I doubt that it will be easy for any of my future descendants to track down all the addresses where I have lived, all the movies I have watched, and all the people I have loved. I don’t know that there is lot of evidence in an official capacity, but it may not really matter. Instead, the fascination of the future could be making sense of seemingly random connections between people, such as Twin Strangers, One City, One Book and Life in a Day, or unravelling how powerful connections between people were created in reaction against the rapid growth of everything to a global scale, creating connected, small, slow and intentional communities.

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Touching the jellyfish.

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Jellyfish are unusual and beautiful, but also potentially dangerous, creatures. And yet, jellyfish can be touched gently without causing harm to the jellyfish or the human being. Indeed, they are friendly and social creatures, just as humans are. It is all in the way that they are approached.

As the use of library spaces transforms from collection-heavy print warehouses, to technology-rich collaborative creation spaces, we invite our communities to unleash their beautiful and dangerous ideas. We are fascinated by what we see appearing before us, new ideas emerging from the depths of public creative artistic endeavours, and yet, we are often scared of what this represents.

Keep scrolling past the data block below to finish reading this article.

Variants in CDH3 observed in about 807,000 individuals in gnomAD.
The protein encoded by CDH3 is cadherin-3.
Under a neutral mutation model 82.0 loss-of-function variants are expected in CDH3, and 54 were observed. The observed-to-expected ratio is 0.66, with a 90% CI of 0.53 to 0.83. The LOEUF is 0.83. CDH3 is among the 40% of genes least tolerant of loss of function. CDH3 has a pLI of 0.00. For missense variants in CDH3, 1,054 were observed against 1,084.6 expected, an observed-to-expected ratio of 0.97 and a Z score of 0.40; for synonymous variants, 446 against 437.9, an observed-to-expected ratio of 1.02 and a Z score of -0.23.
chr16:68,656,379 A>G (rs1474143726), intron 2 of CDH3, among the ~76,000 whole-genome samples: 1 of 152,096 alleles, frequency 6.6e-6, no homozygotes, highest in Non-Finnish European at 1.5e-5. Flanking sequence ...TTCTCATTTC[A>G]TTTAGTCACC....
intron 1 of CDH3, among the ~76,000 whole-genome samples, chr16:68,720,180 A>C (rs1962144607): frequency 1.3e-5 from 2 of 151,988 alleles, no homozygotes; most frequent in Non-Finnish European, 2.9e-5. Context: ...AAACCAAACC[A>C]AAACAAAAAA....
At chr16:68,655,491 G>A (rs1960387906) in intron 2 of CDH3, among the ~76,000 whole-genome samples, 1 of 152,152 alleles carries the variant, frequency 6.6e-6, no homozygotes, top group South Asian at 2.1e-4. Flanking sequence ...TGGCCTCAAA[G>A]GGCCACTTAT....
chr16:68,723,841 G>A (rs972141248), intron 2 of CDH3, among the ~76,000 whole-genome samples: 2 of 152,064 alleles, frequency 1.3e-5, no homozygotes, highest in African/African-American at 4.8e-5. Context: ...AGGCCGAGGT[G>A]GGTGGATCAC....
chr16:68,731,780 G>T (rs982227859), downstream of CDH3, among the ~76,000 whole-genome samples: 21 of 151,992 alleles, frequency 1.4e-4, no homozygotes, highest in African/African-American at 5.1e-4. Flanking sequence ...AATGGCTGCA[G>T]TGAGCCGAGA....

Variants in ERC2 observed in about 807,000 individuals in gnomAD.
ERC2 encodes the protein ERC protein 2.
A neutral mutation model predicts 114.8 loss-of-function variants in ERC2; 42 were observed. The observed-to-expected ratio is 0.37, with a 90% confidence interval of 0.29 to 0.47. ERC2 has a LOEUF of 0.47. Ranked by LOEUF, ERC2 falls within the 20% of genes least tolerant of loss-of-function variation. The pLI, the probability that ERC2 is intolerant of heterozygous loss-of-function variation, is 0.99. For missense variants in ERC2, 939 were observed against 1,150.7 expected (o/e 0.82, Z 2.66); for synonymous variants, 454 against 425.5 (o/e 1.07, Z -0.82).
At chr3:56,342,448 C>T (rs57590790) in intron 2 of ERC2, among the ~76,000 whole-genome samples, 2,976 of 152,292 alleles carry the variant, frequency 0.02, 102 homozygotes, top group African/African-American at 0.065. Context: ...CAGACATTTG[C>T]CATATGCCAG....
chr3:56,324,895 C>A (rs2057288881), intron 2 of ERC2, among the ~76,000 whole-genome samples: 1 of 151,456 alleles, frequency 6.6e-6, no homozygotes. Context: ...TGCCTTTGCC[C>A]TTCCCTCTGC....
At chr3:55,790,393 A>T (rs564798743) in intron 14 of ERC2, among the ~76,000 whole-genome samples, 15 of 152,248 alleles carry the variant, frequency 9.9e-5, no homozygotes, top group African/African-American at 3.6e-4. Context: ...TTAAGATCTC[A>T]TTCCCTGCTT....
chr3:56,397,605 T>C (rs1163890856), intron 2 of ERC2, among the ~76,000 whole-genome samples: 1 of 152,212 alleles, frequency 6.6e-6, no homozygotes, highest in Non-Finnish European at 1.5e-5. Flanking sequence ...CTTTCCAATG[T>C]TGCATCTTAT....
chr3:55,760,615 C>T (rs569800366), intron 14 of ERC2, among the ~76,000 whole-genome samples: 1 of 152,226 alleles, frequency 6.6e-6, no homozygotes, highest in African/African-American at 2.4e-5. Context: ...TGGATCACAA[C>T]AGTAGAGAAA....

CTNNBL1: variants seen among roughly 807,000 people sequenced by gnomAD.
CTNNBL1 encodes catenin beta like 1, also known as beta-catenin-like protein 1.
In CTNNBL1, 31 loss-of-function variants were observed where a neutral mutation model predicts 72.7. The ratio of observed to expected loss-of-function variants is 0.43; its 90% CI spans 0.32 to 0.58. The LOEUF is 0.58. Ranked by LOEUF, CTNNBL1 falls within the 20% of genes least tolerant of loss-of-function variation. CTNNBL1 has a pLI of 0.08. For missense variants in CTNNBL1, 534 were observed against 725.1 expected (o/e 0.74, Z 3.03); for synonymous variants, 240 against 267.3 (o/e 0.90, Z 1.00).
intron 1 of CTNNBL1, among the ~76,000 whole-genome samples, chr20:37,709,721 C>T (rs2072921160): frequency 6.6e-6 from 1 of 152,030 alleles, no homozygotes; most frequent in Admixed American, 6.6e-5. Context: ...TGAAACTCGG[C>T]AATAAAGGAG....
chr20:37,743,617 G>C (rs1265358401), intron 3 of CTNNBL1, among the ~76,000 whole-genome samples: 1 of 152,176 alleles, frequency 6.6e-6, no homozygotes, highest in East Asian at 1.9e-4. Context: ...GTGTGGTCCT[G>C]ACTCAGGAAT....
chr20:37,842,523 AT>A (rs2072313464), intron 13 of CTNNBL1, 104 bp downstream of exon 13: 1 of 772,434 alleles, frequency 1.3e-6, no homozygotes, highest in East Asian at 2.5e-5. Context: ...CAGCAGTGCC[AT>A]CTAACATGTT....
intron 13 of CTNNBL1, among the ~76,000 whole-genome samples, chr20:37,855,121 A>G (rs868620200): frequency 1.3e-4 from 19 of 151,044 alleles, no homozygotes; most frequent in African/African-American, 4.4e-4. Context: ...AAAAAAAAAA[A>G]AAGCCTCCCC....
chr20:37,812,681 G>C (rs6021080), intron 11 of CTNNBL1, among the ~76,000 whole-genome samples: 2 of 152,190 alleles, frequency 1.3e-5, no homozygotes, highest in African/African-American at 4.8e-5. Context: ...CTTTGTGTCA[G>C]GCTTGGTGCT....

Are we ready?

In transforming our libraries to participate in the makerspace movement, to create a public space where our communities are welcome to create, engage, develop, encourage, make, are we wilfully ignoring the ongoing reality that for many in our community, these makerspaces are not accessible, not welcoming, not inviting, not safe? Instead, without broader discussions about art, privacy, community, democracy, the library space continues to be an intimidating and unknown place to enter, just as it was for previous communities.

It is not enough to provide a neutral space where people can create their own makerspace reality. The boldest, bravest and noisiest community members may claim the space, and this potentially alienates and disengages the quiet, vulnerable and smaller voices in our communities. In contrast, the makerspace may become so neutral that no one feels they can engage with the space, even on a temporary rather than permanent basis. Providing the space alone is not enough. We must engage with our communities to develop, participate and own the space. We must do so by providing spaces that are flexible, participatory, open and safe.